Though most scream for joy when a check from the Internal Revenue Service (IRS) arrives after doing their taxes, you shouldn’t if you get a refund. That’s because you could be losing out on even more money. Consider adjusting your withholding so that more cash falls into your pocket each time you get paid. That way, you can invest that money earlier and make it work for you, rather than letting it collect dust on Uncle Sam’s shelves.
Paying Too Much Is Simply a Security Blanket
There are many reasons workers across America pay more than they need to on taxes via paycheck withholding. The most obvious is that they don’t want to write a check to the government during tax filing season for having not payed enough over the previous year. Secondly, paying too much, and subsequently getting a refund the next year, becomes a sort of forced savings, as many Americans don’t trust themselves to be disciplined. While withholding too much on each paycheck has good intentions, it carries very little financial benefit — unless you would waste that extra money.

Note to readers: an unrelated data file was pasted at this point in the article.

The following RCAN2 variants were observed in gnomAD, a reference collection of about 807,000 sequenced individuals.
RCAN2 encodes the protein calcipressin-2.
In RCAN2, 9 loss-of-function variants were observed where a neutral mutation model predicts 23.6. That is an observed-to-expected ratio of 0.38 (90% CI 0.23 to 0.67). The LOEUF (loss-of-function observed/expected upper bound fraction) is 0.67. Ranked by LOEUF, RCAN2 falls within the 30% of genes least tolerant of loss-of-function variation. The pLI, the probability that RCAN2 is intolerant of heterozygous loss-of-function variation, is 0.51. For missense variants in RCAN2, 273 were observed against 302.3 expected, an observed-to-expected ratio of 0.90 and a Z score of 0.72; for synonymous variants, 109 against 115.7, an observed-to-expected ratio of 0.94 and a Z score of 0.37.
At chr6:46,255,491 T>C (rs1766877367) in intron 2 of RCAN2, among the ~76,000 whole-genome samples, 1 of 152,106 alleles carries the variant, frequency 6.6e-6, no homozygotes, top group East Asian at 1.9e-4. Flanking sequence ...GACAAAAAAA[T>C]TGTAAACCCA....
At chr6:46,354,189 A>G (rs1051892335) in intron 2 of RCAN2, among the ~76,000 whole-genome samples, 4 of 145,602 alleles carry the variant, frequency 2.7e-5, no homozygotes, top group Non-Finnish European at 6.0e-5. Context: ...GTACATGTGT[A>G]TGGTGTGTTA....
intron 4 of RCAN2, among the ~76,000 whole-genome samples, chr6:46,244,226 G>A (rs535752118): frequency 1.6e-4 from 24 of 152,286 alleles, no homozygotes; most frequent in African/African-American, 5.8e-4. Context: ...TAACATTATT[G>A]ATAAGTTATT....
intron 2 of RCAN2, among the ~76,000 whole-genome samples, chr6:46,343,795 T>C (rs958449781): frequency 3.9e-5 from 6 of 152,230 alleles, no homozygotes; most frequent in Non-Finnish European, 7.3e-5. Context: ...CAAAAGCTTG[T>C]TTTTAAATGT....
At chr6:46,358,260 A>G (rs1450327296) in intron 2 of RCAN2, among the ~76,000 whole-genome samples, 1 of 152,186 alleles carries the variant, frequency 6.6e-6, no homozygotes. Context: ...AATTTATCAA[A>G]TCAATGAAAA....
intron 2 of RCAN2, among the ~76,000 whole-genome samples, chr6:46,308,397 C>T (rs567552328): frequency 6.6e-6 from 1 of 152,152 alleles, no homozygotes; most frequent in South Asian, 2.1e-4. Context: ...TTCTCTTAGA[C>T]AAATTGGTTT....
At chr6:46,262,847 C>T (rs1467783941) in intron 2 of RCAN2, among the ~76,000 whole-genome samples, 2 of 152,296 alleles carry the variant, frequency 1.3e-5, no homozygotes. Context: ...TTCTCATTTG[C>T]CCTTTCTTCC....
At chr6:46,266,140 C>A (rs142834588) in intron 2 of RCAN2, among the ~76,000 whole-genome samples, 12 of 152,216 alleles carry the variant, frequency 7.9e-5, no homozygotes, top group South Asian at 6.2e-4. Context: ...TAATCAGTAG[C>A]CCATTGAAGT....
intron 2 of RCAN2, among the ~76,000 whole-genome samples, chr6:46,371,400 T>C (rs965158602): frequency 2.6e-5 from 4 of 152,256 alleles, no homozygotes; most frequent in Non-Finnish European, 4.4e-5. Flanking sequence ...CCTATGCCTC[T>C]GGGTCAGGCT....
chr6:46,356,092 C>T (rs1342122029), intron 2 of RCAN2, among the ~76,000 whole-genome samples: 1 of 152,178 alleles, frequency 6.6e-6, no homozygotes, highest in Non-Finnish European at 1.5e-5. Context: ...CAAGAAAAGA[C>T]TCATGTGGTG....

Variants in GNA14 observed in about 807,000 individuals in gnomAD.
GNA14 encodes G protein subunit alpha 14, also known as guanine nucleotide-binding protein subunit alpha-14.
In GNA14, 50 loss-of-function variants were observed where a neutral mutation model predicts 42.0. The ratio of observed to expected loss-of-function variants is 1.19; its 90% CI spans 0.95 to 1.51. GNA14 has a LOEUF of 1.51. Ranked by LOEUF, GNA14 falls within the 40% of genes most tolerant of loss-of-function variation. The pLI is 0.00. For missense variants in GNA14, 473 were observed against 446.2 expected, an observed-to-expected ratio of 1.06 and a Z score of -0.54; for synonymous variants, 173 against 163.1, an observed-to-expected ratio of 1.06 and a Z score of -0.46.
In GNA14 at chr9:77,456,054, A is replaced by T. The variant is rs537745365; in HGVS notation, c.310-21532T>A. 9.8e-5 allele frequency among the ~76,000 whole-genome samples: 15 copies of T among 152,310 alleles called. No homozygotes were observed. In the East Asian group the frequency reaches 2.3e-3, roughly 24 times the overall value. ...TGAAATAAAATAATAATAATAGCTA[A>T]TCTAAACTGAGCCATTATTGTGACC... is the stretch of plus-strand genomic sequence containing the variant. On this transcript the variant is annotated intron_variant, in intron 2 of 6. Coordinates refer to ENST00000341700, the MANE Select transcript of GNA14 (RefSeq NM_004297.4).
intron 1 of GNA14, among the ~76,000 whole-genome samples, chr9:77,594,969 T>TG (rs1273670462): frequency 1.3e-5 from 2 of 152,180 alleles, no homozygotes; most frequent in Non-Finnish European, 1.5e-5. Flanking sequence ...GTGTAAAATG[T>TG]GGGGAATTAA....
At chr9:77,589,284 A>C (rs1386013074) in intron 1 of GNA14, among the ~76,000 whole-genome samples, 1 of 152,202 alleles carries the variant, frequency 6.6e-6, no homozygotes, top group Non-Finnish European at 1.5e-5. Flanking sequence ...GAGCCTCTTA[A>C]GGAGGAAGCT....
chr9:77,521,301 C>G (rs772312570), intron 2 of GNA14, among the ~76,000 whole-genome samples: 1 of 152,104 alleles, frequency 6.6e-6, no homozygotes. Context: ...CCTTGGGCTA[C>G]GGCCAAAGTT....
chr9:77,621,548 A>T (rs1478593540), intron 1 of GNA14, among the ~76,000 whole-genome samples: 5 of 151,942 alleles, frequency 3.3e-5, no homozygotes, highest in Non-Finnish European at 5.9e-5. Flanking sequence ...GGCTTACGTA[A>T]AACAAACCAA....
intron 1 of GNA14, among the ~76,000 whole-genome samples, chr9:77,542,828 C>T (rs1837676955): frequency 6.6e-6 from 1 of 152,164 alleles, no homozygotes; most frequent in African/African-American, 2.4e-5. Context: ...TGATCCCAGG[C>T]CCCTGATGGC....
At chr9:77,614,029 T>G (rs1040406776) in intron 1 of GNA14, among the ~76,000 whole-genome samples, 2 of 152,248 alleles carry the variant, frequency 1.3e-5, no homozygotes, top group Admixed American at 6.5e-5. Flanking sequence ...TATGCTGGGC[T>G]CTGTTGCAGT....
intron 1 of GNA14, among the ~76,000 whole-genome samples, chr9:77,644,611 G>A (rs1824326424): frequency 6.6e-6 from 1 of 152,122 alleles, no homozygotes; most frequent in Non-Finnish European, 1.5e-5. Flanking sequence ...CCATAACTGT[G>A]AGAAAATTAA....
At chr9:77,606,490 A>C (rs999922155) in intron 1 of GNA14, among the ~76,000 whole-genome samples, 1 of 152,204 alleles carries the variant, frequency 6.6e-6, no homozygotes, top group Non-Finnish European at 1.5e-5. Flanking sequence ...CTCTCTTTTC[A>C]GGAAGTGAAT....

When You Get a Refund, You Have Given the IRS an Interest-Free Loan
A refund is the government saying you gave too much, and returning the money. You earn no interest. If you factor in inflation, you’re actually losing money on this loan. Consider this: $1,000 in 2012 equates to $1,014.65 for 2013. Thus, if you received a $2,000 refund in 2013, you’re actually losing nearly $30 in spending power for that next year. Additionally, that $2,000 could have been used throughout the year to improve your financial situation via investment, debt repayment or other activities.
Ways to Earn More by Paying the Right Amount of Taxes Each Paycheck
The IRS has withholding calculators that can help you figure out the exact amount that should be withheld from your pay. If you have been paying too much, adjusting your withholding will lead to a bigger paycheck. That extra money can be used to establish a much-needed emergency fund. Or you could pay off debt, which can save you lots of money over time if you have credit card debt or other high interest debt. You can also choose to direct more of your paycheck toward a 401(k) plan or IRA; factoring in compound interest over time, this could give you an even more secure future. Similar to putting a larger percentage of your income toward retirement, you could also invest that extra money in bonds, stocks, mutual funds and alternative investments; if you invest wisely, you could end up turning that extra paycheck money into much more than a IRS refund.